July 26, 2013 a Google employee—now a senior director—submitted the .zip domain to ICANN. Nearly a decade later, and without much fanfare, Google released .zip for registration. This confounding decision sparked a wildfire of phishing domain registrations, immediately targeting essential documentation around human resources, taxes, healthcare, and un/employment. The timing of this release is noteworthy, as it overlapped widespread layoffs, including Google, a time when many were hastily exchanging sensitive documents via email, heightening their vulnerability to deceptive domain names.
What's the purpose of this domain and why did it happen? Now that the dust has settled, let's review the timeline, industry response and how we're far from in the clear.
What's the purpose of .zip?
The .zip gTLD was always intended to serve files, demonstrated in these excerpts from the original ICANN submission:
- The .zip gTLD will provide a new mechanism whereby businesses, organizations and individuals can differentiate their content by signifying that their offerings are related to digital storage. This signification is not currently available in the gTLD space.
- The proposed gTLD aspires to become an authoritative online resource for digital storage offerings.
- The mimetype “text⁄dns” will be set on the HTTP response and the content encoding will be gzip.
In my research I did not find any other common filetypes in ICANN's archives: PNG, JPEG, TXT, PDF, etc.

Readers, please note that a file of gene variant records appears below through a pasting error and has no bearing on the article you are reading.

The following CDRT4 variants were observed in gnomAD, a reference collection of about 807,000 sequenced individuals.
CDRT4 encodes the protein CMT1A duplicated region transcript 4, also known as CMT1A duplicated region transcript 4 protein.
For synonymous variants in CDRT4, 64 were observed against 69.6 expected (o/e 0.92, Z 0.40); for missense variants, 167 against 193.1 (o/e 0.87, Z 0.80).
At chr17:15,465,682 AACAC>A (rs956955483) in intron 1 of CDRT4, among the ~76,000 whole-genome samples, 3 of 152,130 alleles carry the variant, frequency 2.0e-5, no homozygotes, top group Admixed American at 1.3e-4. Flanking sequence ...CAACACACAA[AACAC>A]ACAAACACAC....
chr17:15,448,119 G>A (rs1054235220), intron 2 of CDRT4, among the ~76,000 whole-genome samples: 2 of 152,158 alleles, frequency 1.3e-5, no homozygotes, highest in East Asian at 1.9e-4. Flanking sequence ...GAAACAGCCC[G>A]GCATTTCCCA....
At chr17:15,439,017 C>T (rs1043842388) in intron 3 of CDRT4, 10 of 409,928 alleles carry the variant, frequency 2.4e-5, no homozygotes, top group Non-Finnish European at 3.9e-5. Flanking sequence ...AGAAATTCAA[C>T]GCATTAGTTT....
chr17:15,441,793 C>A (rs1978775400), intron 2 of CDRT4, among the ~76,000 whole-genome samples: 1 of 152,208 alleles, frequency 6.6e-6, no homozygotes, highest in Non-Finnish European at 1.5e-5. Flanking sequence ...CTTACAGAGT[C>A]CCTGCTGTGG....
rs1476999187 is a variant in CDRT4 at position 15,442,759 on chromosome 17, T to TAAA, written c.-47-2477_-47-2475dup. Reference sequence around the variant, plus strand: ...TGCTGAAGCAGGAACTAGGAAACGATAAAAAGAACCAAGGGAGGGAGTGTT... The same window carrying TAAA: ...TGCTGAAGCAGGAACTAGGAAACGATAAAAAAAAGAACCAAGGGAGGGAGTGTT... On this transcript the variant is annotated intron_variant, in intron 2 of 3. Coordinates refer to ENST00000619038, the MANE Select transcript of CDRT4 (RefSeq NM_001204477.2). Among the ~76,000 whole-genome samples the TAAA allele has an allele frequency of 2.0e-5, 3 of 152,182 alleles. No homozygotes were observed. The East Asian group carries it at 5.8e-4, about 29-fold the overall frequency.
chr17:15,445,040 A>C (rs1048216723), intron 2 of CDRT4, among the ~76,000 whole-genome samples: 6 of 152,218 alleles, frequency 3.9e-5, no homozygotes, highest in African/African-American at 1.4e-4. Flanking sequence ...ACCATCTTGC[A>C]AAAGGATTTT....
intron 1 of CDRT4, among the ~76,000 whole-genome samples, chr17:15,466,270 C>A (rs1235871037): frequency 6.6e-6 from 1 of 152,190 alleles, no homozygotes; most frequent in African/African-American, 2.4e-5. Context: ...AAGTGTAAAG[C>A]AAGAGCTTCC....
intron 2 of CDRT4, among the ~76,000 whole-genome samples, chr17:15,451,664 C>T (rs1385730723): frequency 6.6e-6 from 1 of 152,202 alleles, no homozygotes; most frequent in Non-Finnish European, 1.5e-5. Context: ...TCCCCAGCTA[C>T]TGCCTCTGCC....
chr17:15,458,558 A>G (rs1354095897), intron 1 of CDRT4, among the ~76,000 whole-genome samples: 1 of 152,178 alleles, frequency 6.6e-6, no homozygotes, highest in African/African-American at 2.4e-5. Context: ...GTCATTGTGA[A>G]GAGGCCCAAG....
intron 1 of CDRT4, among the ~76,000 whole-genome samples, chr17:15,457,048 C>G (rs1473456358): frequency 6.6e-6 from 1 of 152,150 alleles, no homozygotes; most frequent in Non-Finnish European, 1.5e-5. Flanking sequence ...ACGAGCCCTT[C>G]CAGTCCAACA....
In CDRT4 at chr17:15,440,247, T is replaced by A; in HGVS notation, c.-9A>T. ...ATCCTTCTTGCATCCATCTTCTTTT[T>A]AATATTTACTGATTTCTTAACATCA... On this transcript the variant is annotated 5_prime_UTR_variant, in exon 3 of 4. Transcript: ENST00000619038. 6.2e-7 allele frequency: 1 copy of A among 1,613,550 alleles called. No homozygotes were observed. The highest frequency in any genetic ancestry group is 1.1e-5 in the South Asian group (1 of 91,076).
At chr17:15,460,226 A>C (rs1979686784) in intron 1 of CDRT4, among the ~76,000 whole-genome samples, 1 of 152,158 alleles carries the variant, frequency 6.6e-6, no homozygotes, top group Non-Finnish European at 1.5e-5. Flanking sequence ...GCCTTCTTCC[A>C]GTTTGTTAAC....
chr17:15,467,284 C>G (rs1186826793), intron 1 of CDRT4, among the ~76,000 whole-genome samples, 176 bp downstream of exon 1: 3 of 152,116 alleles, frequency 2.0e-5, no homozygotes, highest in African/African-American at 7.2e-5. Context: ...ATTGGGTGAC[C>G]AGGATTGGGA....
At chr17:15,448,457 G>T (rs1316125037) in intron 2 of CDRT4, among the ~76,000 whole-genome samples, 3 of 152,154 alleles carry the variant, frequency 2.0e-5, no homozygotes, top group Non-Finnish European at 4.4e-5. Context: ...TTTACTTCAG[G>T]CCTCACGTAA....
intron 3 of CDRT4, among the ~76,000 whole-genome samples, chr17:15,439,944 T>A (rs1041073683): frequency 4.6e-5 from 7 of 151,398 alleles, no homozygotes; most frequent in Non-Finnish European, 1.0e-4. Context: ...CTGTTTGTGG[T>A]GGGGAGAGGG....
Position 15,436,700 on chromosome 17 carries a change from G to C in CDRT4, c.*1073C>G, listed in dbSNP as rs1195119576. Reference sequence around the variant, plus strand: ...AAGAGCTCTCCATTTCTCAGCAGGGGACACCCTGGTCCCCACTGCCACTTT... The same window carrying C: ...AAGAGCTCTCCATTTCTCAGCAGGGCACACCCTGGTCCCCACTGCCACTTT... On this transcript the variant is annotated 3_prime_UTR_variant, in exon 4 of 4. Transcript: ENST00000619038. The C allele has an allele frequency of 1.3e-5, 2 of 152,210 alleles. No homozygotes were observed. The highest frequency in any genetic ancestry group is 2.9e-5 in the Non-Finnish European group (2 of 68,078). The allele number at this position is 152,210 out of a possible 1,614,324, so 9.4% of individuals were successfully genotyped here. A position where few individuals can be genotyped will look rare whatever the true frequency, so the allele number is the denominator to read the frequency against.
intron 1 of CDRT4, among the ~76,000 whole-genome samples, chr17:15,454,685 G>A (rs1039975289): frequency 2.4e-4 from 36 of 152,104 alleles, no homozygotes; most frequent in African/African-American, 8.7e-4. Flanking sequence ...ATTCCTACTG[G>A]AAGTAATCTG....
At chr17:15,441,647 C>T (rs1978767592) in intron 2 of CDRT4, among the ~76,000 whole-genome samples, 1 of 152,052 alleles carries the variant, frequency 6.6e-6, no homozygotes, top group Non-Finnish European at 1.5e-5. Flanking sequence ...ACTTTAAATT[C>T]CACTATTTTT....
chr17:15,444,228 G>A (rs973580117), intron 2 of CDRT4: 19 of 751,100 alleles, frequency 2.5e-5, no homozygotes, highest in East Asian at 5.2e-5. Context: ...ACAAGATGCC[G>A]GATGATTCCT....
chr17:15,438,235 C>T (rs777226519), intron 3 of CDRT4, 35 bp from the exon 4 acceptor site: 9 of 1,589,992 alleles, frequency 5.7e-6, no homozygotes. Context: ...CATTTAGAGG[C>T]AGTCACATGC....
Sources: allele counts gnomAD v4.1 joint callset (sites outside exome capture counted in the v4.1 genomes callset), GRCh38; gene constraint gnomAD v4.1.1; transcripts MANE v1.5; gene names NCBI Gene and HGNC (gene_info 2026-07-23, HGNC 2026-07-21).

But this was 2013. Google Drive was 1 year old. Your laptop still had a DVD drive. And selfie was Oxford Dictionaries' word of the year—I truly wonder what the impact selfies had on digital storage.
Today high-bandwidth, Content Delivery Networks and cheap cloud-storage have rendered .zip a narrow use-case for most consumer-to-business interactions. Compression formats have come and gone—WinRAR and .ace immediately come to mind—but .zip and .tar.gz live on in the Enterprise and IT.
Phishing domains for .zip tend to center around invoices, wages, benefits and terminations because they remain files people expect in their business inbox, from an employer or government entity.
To explain that we need to expand our scope from only .mov and .zip to the whole eight that were released together. Zip was launched with 7 other TLDs. Most of them are reasonable additions to vanity-themed domains with the exception of .mov. While less dangerous than the more nefarious .zip, .mov had its own gold rush on phishing domains largely centering on adult themes with celebrities.
The following table is a timeline of the TLD Approval and Release Dates:
|TLD||Application||Approval||Release||Days to Release||Documentation|
The average time from approval to general availability was 3,293 days. You'd think these were in the Disney Vault.
The ICANN application's evaluation fee for a TLD is $185,000 and a $25,000 annual fee. This has not changed since 2012 when gTLDs were introduced. With this we can determine Google's nearly decade-long sunk-cost for the 8 TLDs—excluding infrastructure and labor.
|Domain||Application||Annual Total||Registration Total||Transaction Total||TOTAL|
Grand Total = $3,220,000
- Transaction costs are $0 because they do not incur a fee until the TLD exceeds 50,000 registrations.